Amazon Fire handling apps & Freetime
I have the ability to get an Amazon Fire 8gb for my son. He has a nodded Nook Color but it's been used so much that it's wearing out and his mother & I were looking at Free time. My son is young so resolution isn't a big deal its why I feel the HD is a waste especially when I can get a Kindle Fire for $125. It was a store display was all. Still able to get warranty.
Anyways anyone have free time or how does Angry Bird star wars or clouds and sheep or other current games stack up on it?
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Re: Amazon Fire handling apps & Freetime
Freetime is good but not great. We have discovered that you cannot pass through content that is not purchased. We get eBooks from the library and those books cannot be passed down to the Freetime app which is very disappointing. We also tried this with an eBook borrowed from the Prime lending library and it too was not allowed to be passed through. Perhaps this is on purpose or perhaps this is an oversight with the software. Hopefully this is a bug and it will get fixed; we'll just have to wait and see.
There is a lot of good content with the paid version of Freetime 'unlimited' for children under 9 but as our son is about to turn 10 I don't see keeping the unlimited feature activated. The core features of the software will still come in handy as a tool to limit the amount of time our son can use the device as a gaming platform or movie/video playing device.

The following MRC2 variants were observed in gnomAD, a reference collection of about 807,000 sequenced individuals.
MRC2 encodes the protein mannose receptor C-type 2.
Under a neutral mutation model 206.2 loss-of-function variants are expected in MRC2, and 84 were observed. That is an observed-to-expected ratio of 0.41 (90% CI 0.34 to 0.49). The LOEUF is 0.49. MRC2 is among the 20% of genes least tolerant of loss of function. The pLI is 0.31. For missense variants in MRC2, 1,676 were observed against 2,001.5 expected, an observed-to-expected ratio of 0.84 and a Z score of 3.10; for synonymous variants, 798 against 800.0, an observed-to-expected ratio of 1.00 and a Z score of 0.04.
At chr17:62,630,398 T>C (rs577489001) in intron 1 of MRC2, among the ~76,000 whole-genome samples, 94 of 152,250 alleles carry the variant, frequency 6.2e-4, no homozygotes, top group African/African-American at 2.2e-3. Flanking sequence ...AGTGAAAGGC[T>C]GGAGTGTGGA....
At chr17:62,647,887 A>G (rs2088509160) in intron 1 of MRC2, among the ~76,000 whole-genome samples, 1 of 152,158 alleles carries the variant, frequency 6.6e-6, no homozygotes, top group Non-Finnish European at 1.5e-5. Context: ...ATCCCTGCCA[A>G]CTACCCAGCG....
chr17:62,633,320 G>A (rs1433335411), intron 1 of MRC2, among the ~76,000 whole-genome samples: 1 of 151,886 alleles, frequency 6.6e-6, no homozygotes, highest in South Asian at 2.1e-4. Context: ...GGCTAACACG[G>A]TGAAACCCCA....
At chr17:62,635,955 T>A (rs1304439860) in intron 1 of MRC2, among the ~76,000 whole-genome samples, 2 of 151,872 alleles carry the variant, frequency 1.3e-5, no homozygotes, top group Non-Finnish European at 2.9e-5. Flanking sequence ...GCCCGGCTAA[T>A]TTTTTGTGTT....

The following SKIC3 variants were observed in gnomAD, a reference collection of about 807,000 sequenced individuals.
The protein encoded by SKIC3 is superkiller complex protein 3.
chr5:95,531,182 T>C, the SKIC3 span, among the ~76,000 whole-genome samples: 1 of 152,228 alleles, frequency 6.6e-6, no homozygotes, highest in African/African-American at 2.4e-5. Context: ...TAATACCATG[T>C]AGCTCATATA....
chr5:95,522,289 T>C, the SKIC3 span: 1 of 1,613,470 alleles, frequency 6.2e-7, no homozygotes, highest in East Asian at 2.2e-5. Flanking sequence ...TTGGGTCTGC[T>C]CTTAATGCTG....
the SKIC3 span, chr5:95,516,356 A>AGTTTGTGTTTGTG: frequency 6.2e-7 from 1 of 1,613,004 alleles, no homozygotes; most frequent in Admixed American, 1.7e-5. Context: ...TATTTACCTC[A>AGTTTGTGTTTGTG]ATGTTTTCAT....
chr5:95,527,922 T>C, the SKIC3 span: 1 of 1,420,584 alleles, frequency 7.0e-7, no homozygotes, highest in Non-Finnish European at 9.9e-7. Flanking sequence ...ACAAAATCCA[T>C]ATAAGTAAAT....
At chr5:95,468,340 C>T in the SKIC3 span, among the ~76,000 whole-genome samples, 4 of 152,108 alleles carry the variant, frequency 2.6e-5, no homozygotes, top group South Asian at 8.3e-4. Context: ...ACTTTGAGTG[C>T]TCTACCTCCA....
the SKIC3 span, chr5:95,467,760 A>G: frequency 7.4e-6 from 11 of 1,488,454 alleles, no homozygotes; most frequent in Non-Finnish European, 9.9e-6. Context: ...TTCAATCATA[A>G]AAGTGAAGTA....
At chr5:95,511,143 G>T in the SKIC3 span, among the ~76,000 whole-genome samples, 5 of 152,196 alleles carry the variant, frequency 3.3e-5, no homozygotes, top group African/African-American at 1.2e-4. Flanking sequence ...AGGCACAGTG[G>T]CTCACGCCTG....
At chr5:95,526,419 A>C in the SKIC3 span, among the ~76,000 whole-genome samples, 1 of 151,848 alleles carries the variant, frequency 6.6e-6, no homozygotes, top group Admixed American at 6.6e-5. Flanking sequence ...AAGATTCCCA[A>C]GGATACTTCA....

If we could pass through borrowed content then we could easily lock the Fire into Freetime mode which would give us better control over our son's use of the device. However, as is stands today we are constantly having to switch modes on the device to allow him access to the borrowed content and then lock it up so he can use Freetime content and limit his access to apps and games.
Overall the Kindle Fire is a great little device and since the screen size is only 7" not having an HD screen is not a problem at all. The Fire's screen seems just as clear as my Asus TF101; it's just smaller. The only real con I can think of is that it doesn't have volume buttons. This isn't a real big deal but sometimes you need the volume turned down quickly and you have to go through a few swipes of the screen to get the volume control displayed so you can change it.
Since you mentioned that you currently have a Nook, I should also add that I was able to load the Nook app onto the Kindle Fire via side-loading. So he can also read his Nook based eBooks as well.